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Nottingham, NH, United States
I'm a middle school teacher and science and books are two of my favorite things! (Chocolate and coffee are pretty high up on the list as well)

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Monday, March 26, 2012

Writing - Where Do I Start?

Writing is a vital communication tool. Choosing the right words to make your point or to evoke emotions in your audience are just two of the many ways that we use writing on a daily basis.

Fun and Easy Web2.0 Tools:

To get started with the brainstorming process, try wordle! Wordle can also be used to make a collage of vocabulary or spelling words you are learning about. Tagxedo is another site where you can make word clouds - try choosing a shape that is related to your word list!

Once you have an idea about what you are going to be writing about, consider the purpose for your writing, who your audience is and how to best organize the information. A letter to the Governor asking him to ban smoking on public beaches would have a very different tone and level of formality than a text to your best friend about the stores you want to shop at when you go to the mall on Saturday.

Graphic Organizers:

If you need a graphic organizer, I've uploaded many of the ones we've used in class to the Worksheets and Student Information page on my website. If you click on the link, look in the Writing Workshop folder - you'll be able to view or download several different organizers.

Resources for Ditching Dead Words and Adding Transitions:


After you've written your rough draft, you are ready to start the best part of writing - revising! Revising is an exciting process - this is where you choose the perfect words to make your point, and where you may decide to move some of your information around, so that it makes sense and you've successfully said what you wanted to say! If you go back to the Worksheets and Student Information page on my website - look in the Writing Workshop folder for Dead Words - avoid using worn out third grade words like "said" and "talked" - Dead Words will get you started on the path to an expansive and exciting vocabulary! You can always use a thesaurus, too!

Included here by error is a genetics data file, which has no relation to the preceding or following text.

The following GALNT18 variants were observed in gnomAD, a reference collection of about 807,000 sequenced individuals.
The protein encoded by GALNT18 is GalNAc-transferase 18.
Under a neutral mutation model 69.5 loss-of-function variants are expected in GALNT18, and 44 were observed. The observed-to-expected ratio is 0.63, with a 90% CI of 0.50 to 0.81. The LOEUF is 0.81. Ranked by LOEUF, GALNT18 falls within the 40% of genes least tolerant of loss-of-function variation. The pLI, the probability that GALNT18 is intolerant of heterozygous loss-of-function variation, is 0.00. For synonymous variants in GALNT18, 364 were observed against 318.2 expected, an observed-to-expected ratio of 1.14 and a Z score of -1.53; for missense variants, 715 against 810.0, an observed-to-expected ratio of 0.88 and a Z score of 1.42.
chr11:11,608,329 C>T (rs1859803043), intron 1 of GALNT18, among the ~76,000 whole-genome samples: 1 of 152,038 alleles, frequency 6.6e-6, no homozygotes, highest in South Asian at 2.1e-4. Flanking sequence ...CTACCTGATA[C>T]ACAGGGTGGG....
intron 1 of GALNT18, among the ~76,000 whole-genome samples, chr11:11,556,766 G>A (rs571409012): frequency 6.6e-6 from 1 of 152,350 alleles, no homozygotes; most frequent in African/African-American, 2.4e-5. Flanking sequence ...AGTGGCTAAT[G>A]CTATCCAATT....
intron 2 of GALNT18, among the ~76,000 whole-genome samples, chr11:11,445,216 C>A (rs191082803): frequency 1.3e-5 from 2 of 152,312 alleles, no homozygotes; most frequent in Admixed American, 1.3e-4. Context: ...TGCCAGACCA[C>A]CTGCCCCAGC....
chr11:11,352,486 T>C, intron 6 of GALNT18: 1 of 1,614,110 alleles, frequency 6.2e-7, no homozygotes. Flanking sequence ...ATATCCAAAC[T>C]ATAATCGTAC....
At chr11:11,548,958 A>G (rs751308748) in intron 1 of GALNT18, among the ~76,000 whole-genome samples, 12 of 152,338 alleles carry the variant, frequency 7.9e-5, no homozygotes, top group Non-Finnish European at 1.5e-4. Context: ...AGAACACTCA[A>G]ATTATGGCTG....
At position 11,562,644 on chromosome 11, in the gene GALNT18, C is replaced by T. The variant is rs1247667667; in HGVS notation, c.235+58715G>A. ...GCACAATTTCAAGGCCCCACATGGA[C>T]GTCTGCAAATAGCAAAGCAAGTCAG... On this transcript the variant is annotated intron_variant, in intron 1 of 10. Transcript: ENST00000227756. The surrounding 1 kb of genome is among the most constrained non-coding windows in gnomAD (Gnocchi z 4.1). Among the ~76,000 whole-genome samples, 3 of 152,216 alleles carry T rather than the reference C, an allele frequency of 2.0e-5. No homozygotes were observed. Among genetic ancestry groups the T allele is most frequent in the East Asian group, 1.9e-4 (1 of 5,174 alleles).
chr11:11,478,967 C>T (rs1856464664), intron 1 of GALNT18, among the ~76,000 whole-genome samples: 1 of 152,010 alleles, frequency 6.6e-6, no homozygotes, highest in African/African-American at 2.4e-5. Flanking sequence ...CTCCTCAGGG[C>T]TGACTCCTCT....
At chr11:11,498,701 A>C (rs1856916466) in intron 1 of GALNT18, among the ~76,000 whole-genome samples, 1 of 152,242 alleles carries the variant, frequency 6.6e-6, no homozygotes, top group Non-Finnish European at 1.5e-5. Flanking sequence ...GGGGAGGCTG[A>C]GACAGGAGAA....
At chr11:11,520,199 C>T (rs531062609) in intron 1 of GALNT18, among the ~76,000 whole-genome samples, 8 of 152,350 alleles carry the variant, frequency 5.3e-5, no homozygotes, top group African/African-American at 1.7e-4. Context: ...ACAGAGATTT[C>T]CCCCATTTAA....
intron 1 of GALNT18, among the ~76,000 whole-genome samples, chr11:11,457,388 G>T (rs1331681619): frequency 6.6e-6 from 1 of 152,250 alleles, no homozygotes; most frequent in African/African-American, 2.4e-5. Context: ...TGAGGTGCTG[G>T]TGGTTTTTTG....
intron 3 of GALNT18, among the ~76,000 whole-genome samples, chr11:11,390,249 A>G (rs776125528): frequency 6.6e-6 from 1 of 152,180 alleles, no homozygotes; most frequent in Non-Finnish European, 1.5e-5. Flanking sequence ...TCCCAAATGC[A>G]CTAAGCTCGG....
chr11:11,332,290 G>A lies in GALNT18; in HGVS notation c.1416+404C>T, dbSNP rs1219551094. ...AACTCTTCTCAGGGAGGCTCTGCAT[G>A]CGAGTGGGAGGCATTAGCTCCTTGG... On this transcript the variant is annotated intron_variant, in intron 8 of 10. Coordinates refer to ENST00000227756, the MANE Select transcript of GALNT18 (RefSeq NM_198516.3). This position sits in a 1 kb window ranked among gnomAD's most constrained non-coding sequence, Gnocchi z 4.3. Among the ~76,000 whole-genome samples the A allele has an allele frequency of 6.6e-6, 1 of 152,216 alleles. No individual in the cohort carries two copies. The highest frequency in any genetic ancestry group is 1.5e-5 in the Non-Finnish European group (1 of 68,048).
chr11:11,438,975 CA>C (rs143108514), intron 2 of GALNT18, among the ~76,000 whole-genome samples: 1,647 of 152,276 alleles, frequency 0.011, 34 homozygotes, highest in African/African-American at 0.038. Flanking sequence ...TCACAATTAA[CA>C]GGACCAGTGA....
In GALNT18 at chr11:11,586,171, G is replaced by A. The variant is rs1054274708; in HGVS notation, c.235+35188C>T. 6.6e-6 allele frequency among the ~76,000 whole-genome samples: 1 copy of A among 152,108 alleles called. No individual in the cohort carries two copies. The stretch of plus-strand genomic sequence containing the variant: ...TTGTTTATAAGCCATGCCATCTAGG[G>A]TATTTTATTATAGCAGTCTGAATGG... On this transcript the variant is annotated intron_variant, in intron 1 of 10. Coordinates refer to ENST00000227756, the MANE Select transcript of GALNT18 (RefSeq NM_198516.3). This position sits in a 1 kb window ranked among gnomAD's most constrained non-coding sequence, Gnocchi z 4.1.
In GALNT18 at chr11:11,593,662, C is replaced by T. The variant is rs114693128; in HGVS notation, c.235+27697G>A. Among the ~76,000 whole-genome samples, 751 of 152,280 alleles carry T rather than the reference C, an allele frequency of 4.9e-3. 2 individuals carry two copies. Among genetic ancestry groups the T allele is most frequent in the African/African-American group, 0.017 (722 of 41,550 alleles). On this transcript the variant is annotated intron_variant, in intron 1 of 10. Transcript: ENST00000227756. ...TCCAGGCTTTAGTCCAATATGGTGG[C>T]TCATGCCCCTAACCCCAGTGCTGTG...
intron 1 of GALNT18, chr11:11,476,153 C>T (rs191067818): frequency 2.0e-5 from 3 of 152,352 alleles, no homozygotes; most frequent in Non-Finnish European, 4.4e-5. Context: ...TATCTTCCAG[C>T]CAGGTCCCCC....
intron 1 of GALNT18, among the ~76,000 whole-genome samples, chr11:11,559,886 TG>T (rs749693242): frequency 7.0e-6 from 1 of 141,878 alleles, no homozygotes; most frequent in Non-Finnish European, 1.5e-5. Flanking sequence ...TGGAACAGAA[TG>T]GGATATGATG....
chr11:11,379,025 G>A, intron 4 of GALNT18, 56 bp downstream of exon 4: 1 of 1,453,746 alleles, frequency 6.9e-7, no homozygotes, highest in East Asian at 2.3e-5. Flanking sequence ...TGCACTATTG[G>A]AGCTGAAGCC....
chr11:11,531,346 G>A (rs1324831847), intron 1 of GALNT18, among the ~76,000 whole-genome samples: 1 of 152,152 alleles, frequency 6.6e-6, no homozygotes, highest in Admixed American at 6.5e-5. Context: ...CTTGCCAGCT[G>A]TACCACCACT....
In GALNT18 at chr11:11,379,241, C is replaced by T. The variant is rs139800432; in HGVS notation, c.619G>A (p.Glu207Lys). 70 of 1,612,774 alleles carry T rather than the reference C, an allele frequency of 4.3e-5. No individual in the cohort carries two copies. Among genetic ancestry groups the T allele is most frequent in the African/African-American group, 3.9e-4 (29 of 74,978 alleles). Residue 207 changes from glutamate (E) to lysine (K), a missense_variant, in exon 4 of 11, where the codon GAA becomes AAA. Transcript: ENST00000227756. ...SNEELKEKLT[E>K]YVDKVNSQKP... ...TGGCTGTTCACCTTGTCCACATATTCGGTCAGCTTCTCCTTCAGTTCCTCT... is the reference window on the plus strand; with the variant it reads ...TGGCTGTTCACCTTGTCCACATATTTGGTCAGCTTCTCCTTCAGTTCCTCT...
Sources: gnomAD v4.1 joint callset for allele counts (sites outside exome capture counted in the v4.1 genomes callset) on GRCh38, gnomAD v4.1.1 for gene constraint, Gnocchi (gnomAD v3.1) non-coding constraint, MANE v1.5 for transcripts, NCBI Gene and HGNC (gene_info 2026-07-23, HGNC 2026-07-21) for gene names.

Editing Checklists:

Once you are happy with the wording and organization of your writing, it is time to start the editing process. Spelling? Punctuation? Fragments? Where to start? So many different areas to review... -don't panic! Take a deep breath, click on the Writing Workshop folder and use one of the editing checklists to make sure you don't miss any errors.

My number one piece of advise for finding problem areas is to read your essay aloud. If you pause when reading and there is no comma or end punctuation in your writing, go back and take a closer look. You may have found a run on sentence. Can it be broken into two sentences or will it sound choppy? If you have two independent clauses, you can add a semi colon to connect them!

Another great resource that you have right at home are your family members - have an adult or older sibling look over your paper - see if they'll go through it with you. Use the rubric to make sure you aren't forgetting something important! It is amazing what an extra pair of eyes can find - especially if they haven't read the essay before!


I hope this helps! If you get stuck, write a note about your question in the margin of your paper and ask me about it during class or come see me at study hall. Keep writing! The more you practice, the better your writing will be!

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